This proposal is submitted in response to RFA-AI-09-027, Partnerships for Biodefense Food- and Water-borne Diseases (RO1). Our proposal targets the development of immunotherapy against hemolytic uremic syndrome (HUS) caused by Shiga toxin (Stx)-producing E. coli (STEC). STEC strains are serious Category B pathogens associated primarily with food- and water-borne acquired disease, and represent an important global emerging infection with relevance to food- borne illness and potential bioterrorism. The virulence of STEC is underscored by the very low infectious dose required to produce clinical disease. The treatment of STEC infection is complicated by potentially adverse consequences of routine administration of antibiotics. Diarrhea- associated HUS (D+HUS) is a life-threatening complication of STEC infection, primarily the O157:H7 serotype, in children and the elderly that is heralded by the sudden onset of pallor and oliguria. It is associated with significant morbidity and, despite improvements in pediatric intensive care, the mortality rate from this disease remains 3-5%. There is no proven therapy for HUS. Our team has developed and characterized a panel of neutralizing human monoclonal antibodies (HuMAb) which are highly active in vitro and in vivo against Stx2 or Stx1. These antibodies have undergone extensive evaluation in animal models in our laboratory. Funding (3.5 years) is requested to support cGMP manufacture and pre-clinical studies of the most efficacious HuMAb, 5C12, in addition to the submission of an IND application for Phase I and II clinical trials.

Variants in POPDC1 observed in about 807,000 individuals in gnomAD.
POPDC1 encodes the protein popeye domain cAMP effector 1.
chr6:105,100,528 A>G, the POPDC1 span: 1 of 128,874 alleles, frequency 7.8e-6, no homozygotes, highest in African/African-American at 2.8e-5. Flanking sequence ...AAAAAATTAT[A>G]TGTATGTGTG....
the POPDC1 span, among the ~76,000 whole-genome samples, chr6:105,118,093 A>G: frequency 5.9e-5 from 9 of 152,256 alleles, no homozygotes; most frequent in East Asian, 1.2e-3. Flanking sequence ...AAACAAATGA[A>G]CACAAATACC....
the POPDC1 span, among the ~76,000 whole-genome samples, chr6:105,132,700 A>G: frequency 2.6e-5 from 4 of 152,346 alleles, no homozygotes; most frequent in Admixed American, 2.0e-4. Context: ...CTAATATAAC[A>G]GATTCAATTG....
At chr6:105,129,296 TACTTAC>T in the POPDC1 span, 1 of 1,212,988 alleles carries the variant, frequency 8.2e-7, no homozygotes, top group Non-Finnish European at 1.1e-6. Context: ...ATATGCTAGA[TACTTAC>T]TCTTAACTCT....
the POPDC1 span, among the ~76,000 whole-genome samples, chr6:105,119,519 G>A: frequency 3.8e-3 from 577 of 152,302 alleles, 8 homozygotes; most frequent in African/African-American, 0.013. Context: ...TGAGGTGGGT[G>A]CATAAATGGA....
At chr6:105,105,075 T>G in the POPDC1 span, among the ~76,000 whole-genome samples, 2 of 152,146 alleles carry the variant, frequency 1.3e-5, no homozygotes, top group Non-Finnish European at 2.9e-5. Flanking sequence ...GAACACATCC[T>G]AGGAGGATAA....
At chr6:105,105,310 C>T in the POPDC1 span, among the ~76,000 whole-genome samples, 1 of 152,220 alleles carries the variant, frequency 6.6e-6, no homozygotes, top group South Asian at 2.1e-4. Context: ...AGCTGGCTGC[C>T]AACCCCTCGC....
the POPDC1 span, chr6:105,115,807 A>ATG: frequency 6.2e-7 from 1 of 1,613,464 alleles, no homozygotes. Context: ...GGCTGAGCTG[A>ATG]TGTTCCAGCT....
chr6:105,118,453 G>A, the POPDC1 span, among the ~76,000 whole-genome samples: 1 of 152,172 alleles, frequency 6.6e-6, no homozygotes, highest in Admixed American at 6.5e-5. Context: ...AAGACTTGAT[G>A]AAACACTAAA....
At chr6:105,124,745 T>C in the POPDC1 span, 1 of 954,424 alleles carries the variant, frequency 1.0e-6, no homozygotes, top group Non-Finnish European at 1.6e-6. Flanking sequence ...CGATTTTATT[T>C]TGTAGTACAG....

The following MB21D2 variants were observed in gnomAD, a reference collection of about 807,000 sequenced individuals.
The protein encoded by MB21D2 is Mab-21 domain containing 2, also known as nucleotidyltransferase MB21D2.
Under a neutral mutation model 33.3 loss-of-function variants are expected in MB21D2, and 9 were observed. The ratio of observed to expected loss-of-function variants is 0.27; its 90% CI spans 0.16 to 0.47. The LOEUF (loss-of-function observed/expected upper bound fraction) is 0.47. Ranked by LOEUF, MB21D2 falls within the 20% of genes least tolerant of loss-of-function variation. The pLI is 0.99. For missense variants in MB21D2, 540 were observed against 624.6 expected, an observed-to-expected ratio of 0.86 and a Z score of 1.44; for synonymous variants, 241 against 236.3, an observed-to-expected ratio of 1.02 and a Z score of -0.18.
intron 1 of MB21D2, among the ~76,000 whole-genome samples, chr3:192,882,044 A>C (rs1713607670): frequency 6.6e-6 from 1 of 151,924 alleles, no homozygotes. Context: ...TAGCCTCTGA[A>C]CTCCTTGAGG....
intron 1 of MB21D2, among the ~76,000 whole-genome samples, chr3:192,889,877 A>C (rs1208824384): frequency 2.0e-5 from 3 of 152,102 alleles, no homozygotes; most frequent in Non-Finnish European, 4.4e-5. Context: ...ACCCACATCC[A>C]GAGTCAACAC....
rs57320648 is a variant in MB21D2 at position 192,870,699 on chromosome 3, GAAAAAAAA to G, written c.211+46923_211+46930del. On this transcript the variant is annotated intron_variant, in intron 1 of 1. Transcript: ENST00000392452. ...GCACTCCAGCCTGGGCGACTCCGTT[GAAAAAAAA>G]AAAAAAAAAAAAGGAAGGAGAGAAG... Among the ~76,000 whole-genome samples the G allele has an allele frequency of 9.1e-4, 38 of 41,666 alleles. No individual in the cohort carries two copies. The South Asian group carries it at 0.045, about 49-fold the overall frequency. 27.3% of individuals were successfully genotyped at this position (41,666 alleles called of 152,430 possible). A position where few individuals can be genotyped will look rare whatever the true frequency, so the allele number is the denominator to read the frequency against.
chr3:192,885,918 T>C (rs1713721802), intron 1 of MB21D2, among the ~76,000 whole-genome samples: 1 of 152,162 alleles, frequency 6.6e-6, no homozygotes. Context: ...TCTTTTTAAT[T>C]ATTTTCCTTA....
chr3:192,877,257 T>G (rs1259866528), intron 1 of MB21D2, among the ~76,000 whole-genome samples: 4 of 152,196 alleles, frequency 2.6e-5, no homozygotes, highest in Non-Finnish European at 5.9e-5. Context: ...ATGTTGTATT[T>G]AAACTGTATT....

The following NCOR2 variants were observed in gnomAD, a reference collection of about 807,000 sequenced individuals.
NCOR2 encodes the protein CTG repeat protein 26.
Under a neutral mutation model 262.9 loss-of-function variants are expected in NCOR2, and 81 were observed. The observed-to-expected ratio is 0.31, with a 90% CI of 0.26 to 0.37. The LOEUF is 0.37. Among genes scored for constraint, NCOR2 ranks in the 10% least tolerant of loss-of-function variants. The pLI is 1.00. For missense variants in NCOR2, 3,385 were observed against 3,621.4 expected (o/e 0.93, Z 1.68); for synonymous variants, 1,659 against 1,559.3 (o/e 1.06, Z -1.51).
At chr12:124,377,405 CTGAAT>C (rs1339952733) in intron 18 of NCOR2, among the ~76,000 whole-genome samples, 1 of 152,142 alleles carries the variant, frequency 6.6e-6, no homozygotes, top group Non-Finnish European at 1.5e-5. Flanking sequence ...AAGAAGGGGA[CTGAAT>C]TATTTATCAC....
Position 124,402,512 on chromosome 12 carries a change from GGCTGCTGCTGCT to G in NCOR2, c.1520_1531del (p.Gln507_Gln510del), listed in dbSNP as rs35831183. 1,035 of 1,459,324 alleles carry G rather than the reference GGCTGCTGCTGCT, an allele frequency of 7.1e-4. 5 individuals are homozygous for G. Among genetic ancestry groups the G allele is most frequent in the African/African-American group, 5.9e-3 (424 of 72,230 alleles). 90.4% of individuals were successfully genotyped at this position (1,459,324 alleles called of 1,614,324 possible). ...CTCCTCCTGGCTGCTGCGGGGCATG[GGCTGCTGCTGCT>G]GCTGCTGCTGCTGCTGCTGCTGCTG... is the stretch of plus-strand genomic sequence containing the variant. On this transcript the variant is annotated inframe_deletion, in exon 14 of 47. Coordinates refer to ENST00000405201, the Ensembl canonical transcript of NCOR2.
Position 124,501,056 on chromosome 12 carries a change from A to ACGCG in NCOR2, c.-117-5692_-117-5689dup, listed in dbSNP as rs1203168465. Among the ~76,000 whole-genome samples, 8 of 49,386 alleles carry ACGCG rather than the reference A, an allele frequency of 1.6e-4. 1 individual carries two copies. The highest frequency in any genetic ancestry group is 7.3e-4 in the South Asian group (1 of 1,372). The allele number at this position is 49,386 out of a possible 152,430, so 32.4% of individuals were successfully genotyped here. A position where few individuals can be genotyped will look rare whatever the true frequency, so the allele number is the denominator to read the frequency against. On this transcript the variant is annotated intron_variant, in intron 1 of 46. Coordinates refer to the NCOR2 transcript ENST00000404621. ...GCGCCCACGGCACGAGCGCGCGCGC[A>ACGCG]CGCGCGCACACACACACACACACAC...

Specific Aim 1. Cell line development and production of the research cell bank.
Specific Aim 2. Manufacturing process optimization and non-GMP lot production.
Specific Aim 3. Preclinical evaluation of the non-GMP HuMAb 5C12.
Specific Aim 4. Production of cGMP HuMAb 5C12 for use in Phase I and II clinical trials.
Specific Aim 5. Preparation and submission of an Investigational New Drug (IND) application. The significance of this proposal is to facilitate the development of a safe and effective immunotherapeutic biological product that can be given to individuals exposed to an accidental or deliberate (bioterrorism) STEC contamination of food or water sources.
STEC strains causing kidney failure are serious Category B pathogens associated primarily with food and waterborne disease. They represent an important global emerging infection with relevance to both food-borne illness and bioterrorism. The virulence of STEC is underscored by the very low infectious dose required to produce clinical disease.